Today was another day devoted mostly to road walking. It being the middle of the week, traffic was fairly light. We started a half-hour earlier than normal so that we could finish the day early and be able to start our scheduled lay-over day a bit early. Tomorrow we will have nothing more to do than laundry and catch up with our post cards. For three nights, we will be staying at a rental in Sea Ranch. One of the reasons for this rather posh stay is that without either renting or buying here, we cannot walk two thirds of the bluff top controlled by Sea Ranch. More on that tomorrow.
It is amazing how we can now click off the miles. In order to meet our scheduled pick up time, we had to continually take breaks -- snack breaks, lunch breaks, coffee breaks in Anchor Bay and Gualala. Our mileage is now being determined by a GPS [global positioning system] unit. At the same time, it calculates our moving average speed, our overall speed (including breaks) and the time spent walking and resting. On roads, our moving speed is 2.8 - 2.9 miles per hour. Give us soft sand, and we drop down to 2.0 - 2.1 mph. A 12 miler on roads is getting to be a walk in the park (if you can forget about that logging truck bearing down at you). Our increased fitness for long walks is also reflected in the state of our feet and legs. Moleskin and Motrin are not such hot commodities as they were the first two weeks of the walk.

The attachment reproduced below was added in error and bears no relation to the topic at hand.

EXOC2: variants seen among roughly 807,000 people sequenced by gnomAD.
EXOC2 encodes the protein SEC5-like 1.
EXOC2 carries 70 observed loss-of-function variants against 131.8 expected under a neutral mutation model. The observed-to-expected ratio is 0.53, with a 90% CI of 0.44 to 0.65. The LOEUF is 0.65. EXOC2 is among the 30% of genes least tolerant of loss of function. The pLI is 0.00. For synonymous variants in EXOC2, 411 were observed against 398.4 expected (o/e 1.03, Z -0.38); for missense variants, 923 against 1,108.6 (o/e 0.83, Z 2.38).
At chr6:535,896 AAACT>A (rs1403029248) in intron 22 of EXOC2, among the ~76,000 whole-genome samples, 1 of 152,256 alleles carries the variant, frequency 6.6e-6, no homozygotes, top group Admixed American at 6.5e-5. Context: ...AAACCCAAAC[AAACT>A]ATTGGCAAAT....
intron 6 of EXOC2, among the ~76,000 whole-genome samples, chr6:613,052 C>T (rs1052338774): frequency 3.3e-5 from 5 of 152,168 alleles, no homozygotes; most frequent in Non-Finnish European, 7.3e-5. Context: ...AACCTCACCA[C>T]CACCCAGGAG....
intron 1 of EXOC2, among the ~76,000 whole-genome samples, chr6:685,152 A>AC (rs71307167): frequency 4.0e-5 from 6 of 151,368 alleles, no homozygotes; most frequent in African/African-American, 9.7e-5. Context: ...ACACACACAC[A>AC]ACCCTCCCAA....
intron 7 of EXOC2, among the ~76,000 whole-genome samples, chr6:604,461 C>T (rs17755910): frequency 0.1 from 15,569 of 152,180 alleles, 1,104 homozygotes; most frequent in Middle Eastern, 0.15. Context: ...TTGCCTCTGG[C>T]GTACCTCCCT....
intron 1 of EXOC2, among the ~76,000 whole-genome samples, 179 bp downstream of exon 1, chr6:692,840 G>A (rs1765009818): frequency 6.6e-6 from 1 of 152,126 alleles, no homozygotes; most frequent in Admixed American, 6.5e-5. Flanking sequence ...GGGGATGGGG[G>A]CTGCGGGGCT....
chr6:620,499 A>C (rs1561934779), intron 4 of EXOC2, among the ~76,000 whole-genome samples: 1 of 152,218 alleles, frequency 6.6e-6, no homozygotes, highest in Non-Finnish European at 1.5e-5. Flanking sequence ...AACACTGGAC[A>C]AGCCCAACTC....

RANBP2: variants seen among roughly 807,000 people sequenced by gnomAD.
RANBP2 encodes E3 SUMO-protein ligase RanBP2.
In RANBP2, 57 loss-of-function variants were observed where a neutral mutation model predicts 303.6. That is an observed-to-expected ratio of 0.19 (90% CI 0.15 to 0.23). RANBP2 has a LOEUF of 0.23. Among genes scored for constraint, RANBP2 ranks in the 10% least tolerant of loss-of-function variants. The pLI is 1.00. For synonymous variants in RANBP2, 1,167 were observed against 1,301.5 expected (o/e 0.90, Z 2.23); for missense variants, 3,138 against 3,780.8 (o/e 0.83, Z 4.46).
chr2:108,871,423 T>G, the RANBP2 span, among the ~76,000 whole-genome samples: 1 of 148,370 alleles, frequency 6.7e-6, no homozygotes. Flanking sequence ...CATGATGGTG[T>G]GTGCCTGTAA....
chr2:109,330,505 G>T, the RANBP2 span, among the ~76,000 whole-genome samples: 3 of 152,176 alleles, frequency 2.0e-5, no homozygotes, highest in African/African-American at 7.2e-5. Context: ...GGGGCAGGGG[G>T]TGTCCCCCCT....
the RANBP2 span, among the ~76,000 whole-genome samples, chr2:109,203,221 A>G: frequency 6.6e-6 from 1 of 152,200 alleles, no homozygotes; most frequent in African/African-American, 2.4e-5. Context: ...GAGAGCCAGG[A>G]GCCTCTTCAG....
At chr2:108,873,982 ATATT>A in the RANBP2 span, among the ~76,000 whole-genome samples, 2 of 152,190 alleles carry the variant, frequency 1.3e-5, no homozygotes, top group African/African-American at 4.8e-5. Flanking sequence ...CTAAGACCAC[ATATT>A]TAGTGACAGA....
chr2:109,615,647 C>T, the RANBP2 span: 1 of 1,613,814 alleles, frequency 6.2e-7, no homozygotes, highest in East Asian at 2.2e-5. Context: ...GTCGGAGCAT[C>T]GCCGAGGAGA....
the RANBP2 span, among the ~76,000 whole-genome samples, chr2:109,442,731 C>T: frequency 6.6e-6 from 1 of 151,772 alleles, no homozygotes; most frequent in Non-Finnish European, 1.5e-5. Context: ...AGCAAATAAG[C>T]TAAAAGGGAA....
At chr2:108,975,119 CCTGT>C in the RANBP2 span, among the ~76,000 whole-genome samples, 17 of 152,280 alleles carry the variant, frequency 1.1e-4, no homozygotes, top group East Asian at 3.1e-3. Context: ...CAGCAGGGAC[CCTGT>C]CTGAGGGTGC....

So, what happened today? We went 12 miles. We saw what we believe was a Pileated Woodpecker in a Bishop Pine forest. We noticed that equisetum and ferns are perfectly capable of sprouting up through the asphalt of Highway 1. We met some interested and interesting people along the way: the editor of the Coast Observer who took our picture; two men on Harleys going to Hollister. We found a wonderful little trail, perhaps only 150 yards long, in downtown Gualala; it runs behind some buildings, connecting a driveway and a parking lot. The sign said it was the Gualala Bluff Trail, and it was a nice respite from the highway. (Jon Breyfogle; photo, Linda Hanes)